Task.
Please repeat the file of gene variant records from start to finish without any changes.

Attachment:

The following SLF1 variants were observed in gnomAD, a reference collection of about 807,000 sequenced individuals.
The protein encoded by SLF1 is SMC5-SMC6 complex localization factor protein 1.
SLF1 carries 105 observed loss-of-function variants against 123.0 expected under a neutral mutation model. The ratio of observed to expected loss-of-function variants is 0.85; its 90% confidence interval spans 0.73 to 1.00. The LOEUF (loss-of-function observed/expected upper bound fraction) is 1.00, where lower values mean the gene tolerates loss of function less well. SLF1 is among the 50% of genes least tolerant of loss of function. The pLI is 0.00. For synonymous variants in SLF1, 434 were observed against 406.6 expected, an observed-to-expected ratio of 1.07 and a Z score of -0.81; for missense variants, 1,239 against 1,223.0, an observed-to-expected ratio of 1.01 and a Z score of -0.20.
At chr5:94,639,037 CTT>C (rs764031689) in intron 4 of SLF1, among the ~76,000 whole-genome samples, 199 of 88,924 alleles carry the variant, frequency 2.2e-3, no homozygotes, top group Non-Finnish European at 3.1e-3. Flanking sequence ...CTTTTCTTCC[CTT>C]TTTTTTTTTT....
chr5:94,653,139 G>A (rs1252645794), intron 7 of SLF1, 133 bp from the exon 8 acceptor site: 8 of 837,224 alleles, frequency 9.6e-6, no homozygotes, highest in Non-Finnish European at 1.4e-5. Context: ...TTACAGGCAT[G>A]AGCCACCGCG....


The following SLF1 variants were observed in gnomAD, a reference collection of about 807,000 sequenced individuals.
The protein encoded by SLF1 is SMC5-SMC6 complex localization factor protein 1.
SLF1 carries 105 observed loss-of-function variants against 123.0 expected under a neutral mutation model. The ratio of observed to expected loss-of-function variants is 0.85; its 90% confidence interval spans 0.73 to 1.00. The LOEUF (loss-of-function observed/expected upper bound fraction) is 1.00, where lower values mean the gene tolerates loss of function less well. SLF1 is among the 50% of genes least tolerant of loss of function. The pLI is 0.00. For synonymous variants in SLF1, 434 were observed against 406.6 expected, an observed-to-expected ratio of 1.07 and a Z score of -0.81; for missense variants, 1,239 against 1,223.0, an observed-to-expected ratio of 1.01 and a Z score of -0.20.
At chr5:94,639,037 CTT>C (rs764031689) in intron 4 of SLF1, among the ~76,000 whole-genome samples, 199 of 88,924 alleles carry the variant, frequency 2.2e-3, no homozygotes, top group Non-Finnish European at 3.1e-3. Flanking sequence ...CTTTTCTTCC[CTT>C]TTTTTTTTTT....
chr5:94,653,139 G>A (rs1252645794), intron 7 of SLF1, 133 bp from the exon 8 acceptor site: 8 of 837,224 alleles, frequency 9.6e-6, no homozygotes, highest in Non-Finnish European at 1.4e-5. Context: ...TTACAGGCAT[G>A]AGCCACCGCG....